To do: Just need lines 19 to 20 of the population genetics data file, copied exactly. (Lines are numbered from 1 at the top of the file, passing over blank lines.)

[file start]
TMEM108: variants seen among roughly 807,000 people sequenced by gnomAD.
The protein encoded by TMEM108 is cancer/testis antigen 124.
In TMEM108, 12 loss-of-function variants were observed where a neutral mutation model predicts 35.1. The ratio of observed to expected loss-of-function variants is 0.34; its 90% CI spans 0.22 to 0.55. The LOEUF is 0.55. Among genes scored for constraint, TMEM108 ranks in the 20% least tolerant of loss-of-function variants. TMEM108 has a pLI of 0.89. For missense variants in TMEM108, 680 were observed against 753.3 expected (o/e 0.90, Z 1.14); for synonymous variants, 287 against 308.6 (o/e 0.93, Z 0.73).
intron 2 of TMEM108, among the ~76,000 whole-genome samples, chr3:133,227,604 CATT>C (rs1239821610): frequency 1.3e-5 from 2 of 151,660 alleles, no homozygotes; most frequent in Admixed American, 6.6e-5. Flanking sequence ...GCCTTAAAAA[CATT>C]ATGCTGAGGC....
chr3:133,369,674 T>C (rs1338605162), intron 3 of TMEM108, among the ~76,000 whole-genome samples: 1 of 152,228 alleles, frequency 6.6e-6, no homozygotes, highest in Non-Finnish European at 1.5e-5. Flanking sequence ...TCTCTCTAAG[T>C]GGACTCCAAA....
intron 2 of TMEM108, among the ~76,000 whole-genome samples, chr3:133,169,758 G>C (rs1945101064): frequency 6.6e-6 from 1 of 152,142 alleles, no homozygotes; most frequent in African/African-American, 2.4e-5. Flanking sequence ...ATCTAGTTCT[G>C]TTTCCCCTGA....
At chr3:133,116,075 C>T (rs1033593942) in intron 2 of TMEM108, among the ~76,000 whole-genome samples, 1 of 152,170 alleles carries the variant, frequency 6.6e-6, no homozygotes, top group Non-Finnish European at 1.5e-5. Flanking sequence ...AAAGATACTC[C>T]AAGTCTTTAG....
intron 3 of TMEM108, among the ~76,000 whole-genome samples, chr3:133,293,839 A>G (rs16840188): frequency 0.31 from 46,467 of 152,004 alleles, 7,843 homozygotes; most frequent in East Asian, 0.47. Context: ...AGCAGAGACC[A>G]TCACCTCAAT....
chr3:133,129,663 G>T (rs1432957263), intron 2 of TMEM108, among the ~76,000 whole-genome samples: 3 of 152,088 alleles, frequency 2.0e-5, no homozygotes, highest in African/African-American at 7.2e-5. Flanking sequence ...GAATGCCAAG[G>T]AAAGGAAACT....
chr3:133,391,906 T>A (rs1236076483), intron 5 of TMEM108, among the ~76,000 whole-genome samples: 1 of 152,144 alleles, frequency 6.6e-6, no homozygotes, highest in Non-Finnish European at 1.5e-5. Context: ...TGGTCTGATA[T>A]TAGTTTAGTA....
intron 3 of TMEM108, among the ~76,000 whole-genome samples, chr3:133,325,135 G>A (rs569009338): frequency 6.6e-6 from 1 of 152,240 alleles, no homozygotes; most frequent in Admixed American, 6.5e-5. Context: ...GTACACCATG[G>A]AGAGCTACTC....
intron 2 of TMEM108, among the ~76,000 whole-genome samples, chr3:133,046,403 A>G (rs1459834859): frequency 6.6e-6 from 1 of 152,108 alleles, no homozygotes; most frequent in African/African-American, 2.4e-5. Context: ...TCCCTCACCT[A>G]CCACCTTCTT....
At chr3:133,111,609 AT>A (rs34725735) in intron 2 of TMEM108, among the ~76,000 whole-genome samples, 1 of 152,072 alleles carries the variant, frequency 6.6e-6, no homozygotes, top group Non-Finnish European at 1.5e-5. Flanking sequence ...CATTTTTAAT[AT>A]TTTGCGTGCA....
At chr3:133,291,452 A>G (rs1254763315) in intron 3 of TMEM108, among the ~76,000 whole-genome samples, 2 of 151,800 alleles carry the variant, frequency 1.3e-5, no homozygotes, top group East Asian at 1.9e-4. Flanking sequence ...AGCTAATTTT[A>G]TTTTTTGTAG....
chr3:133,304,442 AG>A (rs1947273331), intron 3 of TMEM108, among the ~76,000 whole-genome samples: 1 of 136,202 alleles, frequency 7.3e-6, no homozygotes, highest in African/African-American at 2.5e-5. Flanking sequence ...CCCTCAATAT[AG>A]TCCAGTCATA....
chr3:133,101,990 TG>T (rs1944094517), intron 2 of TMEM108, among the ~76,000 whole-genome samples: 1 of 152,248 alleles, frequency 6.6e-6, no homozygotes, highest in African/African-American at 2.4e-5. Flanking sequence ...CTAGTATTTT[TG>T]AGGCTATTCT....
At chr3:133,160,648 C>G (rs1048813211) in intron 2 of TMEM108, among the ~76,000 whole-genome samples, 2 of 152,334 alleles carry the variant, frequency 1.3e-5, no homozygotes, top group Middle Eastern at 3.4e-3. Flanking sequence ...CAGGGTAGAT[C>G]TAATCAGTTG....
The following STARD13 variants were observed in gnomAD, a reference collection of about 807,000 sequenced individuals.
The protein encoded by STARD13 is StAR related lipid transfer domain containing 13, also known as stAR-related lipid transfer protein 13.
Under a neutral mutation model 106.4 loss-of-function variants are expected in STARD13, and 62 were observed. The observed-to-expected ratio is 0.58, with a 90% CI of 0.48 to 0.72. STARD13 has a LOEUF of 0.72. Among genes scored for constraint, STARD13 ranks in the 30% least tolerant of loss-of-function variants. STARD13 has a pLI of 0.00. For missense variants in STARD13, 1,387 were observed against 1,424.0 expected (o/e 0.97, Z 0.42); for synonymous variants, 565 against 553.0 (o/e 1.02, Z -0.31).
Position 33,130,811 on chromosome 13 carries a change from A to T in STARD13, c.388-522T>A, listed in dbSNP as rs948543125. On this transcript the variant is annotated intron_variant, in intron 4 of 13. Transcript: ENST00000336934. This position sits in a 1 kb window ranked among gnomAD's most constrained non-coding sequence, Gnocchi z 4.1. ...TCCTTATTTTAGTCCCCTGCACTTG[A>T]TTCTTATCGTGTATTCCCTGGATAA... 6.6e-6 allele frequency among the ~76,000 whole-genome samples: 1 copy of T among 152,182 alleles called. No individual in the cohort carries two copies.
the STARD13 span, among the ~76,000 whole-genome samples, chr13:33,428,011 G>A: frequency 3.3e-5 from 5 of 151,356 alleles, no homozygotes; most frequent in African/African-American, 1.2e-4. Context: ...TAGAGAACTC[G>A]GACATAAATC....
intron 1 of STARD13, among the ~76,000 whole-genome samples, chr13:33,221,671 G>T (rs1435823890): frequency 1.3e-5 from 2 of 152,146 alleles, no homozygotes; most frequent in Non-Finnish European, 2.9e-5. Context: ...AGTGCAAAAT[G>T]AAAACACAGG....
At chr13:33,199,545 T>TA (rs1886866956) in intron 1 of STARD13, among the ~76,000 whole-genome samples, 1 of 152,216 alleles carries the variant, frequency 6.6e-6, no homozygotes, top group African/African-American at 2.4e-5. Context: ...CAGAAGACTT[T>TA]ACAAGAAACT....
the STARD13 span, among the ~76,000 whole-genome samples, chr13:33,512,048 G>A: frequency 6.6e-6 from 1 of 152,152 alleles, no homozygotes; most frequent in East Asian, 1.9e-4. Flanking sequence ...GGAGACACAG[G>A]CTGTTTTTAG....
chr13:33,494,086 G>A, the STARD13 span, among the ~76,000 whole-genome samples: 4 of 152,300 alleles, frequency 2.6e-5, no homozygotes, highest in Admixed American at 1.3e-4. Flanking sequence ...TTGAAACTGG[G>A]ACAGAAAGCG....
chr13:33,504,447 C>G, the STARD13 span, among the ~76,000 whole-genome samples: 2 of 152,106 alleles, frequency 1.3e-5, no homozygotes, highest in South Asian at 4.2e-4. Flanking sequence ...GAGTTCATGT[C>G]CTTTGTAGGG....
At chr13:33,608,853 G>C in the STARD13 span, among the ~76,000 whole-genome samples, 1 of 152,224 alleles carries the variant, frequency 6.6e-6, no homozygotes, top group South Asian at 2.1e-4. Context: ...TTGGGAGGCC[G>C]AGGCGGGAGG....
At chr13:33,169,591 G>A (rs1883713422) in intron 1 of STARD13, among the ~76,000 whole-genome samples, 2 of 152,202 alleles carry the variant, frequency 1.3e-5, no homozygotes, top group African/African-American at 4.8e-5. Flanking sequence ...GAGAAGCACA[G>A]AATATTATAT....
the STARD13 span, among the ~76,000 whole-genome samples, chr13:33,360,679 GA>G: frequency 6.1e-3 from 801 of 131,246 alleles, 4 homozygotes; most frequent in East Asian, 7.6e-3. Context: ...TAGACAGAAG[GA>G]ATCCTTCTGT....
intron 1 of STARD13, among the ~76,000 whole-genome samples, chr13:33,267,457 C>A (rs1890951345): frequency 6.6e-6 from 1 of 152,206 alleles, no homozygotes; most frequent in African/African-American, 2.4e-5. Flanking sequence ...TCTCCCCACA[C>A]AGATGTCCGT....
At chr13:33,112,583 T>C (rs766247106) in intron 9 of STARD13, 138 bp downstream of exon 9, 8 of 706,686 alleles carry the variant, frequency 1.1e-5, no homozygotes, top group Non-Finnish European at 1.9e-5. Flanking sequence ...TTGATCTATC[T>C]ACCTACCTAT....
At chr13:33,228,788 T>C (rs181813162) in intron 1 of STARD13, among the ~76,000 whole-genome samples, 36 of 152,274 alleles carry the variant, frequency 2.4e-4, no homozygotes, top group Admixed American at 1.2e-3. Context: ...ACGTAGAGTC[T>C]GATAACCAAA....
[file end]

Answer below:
The protein encoded by STARD13 is StAR related lipid transfer domain containing 13, also known as stAR-related lipid transfer protein 13.
Under a neutral mutation model 106.4 loss-of-function variants are expected in STARD13, and 62 were observed. The observed-to-expected ratio is 0.58, with a 90% CI of 0.48 to 0.72. STARD13 has a LOEUF of 0.72. Among genes scored for constraint, STARD13 ranks in the 30% least tolerant of loss-of-function variants. STARD13 has a pLI of 0.00. For missense variants in STARD13, 1,387 were observed against 1,424.0 expected (o/e 0.97, Z 0.42); for synonymous variants, 565 against 553.0 (o/e 1.02, Z -0.31).